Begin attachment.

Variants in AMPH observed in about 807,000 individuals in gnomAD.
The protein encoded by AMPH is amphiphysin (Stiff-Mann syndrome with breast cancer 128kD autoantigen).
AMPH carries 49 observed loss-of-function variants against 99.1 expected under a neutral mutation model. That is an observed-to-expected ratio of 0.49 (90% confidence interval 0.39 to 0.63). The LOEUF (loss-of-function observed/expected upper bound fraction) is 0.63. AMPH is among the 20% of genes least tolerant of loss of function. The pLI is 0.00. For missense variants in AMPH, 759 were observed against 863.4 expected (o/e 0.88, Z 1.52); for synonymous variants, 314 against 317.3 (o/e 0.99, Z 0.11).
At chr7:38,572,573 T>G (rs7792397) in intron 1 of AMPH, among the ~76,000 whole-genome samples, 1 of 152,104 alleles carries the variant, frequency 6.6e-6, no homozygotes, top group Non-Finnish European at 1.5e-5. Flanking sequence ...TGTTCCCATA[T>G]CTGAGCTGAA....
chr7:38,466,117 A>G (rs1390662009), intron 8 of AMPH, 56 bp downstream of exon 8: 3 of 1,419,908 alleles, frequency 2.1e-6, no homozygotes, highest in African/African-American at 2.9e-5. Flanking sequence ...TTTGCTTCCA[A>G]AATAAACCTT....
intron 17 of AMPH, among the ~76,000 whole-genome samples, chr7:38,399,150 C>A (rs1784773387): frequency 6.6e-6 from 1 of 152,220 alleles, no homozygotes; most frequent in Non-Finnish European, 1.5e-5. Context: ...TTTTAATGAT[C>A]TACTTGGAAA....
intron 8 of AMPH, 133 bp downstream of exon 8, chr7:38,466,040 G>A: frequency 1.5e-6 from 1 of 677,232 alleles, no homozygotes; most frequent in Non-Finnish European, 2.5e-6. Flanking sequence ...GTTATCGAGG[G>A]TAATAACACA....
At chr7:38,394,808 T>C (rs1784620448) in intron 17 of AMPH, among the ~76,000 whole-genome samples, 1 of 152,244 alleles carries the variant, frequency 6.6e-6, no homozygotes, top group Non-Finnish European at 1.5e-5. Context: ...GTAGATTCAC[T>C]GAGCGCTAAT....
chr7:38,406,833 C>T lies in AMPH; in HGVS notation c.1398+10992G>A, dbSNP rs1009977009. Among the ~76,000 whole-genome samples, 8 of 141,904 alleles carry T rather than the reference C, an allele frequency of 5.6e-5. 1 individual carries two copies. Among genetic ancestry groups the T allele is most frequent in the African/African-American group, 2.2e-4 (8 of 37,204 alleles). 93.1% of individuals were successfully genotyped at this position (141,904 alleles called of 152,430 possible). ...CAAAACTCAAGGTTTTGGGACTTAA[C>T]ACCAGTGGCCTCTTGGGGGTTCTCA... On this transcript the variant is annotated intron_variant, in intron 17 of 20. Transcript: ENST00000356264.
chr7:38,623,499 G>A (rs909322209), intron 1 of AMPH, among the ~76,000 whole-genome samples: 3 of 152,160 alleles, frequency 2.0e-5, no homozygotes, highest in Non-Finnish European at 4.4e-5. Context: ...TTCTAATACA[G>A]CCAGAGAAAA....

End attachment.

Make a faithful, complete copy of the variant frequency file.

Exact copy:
Variants in AMPH observed in about 807,000 individuals in gnomAD.
The protein encoded by AMPH is amphiphysin (Stiff-Mann syndrome with breast cancer 128kD autoantigen).
AMPH carries 49 observed loss-of-function variants against 99.1 expected under a neutral mutation model. That is an observed-to-expected ratio of 0.49 (90% confidence interval 0.39 to 0.63). The LOEUF (loss-of-function observed/expected upper bound fraction) is 0.63. AMPH is among the 20% of genes least tolerant of loss of function. The pLI is 0.00. For missense variants in AMPH, 759 were observed against 863.4 expected (o/e 0.88, Z 1.52); for synonymous variants, 314 against 317.3 (o/e 0.99, Z 0.11).
At chr7:38,572,573 T>G (rs7792397) in intron 1 of AMPH, among the ~76,000 whole-genome samples, 1 of 152,104 alleles carries the variant, frequency 6.6e-6, no homozygotes, top group Non-Finnish European at 1.5e-5. Flanking sequence ...TGTTCCCATA[T>G]CTGAGCTGAA....
chr7:38,466,117 A>G (rs1390662009), intron 8 of AMPH, 56 bp downstream of exon 8: 3 of 1,419,908 alleles, frequency 2.1e-6, no homozygotes, highest in African/African-American at 2.9e-5. Flanking sequence ...TTTGCTTCCA[A>G]AATAAACCTT....
intron 17 of AMPH, among the ~76,000 whole-genome samples, chr7:38,399,150 C>A (rs1784773387): frequency 6.6e-6 from 1 of 152,220 alleles, no homozygotes; most frequent in Non-Finnish European, 1.5e-5. Context: ...TTTTAATGAT[C>A]TACTTGGAAA....
intron 8 of AMPH, 133 bp downstream of exon 8, chr7:38,466,040 G>A: frequency 1.5e-6 from 1 of 677,232 alleles, no homozygotes; most frequent in Non-Finnish European, 2.5e-6. Flanking sequence ...GTTATCGAGG[G>A]TAATAACACA....
At chr7:38,394,808 T>C (rs1784620448) in intron 17 of AMPH, among the ~76,000 whole-genome samples, 1 of 152,244 alleles carries the variant, frequency 6.6e-6, no homozygotes, top group Non-Finnish European at 1.5e-5. Context: ...GTAGATTCAC[T>C]GAGCGCTAAT....
chr7:38,406,833 C>T lies in AMPH; in HGVS notation c.1398+10992G>A, dbSNP rs1009977009. Among the ~76,000 whole-genome samples, 8 of 141,904 alleles carry T rather than the reference C, an allele frequency of 5.6e-5. 1 individual carries two copies. Among genetic ancestry groups the T allele is most frequent in the African/African-American group, 2.2e-4 (8 of 37,204 alleles). 93.1% of individuals were successfully genotyped at this position (141,904 alleles called of 152,430 possible). ...CAAAACTCAAGGTTTTGGGACTTAA[C>T]ACCAGTGGCCTCTTGGGGGTTCTCA... On this transcript the variant is annotated intron_variant, in intron 17 of 20. Transcript: ENST00000356264.
chr7:38,623,499 G>A (rs909322209), intron 1 of AMPH, among the ~76,000 whole-genome samples: 3 of 152,160 alleles, frequency 2.0e-5, no homozygotes, highest in Non-Finnish European at 4.4e-5. Context: ...TTCTAATACA[G>A]CCAGAGAAAA....